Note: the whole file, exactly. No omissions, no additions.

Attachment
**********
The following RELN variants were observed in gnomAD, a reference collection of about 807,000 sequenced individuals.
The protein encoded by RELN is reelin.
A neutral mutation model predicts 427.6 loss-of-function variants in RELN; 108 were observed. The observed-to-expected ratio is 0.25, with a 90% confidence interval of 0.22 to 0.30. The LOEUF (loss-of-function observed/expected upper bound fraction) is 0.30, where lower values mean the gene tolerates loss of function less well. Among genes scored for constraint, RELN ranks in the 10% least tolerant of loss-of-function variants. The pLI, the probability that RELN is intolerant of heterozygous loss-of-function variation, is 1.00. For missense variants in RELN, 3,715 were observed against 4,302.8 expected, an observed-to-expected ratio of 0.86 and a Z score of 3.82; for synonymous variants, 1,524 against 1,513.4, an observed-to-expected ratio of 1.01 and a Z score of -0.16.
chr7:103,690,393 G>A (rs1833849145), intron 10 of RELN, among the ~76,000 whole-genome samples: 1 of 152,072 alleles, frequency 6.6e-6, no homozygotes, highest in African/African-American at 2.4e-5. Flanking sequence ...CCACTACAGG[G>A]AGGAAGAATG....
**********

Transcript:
The following RELN variants were observed in gnomAD, a reference collection of about 807,000 sequenced individuals.
The protein encoded by RELN is reelin.
A neutral mutation model predicts 427.6 loss-of-function variants in RELN; 108 were observed. The observed-to-expected ratio is 0.25, with a 90% confidence interval of 0.22 to 0.30. The LOEUF (loss-of-function observed/expected upper bound fraction) is 0.30, where lower values mean the gene tolerates loss of function less well. Among genes scored for constraint, RELN ranks in the 10% least tolerant of loss-of-function variants. The pLI, the probability that RELN is intolerant of heterozygous loss-of-function variation, is 1.00. For missense variants in RELN, 3,715 were observed against 4,302.8 expected, an observed-to-expected ratio of 0.86 and a Z score of 3.82; for synonymous variants, 1,524 against 1,513.4, an observed-to-expected ratio of 1.01 and a Z score of -0.16.
chr7:103,690,393 G>A (rs1833849145), intron 10 of RELN, among the ~76,000 whole-genome samples: 1 of 152,072 alleles, frequency 6.6e-6, no homozygotes, highest in African/African-American at 2.4e-5. Flanking sequence ...CCACTACAGG[G>A]AGGAAGAATG....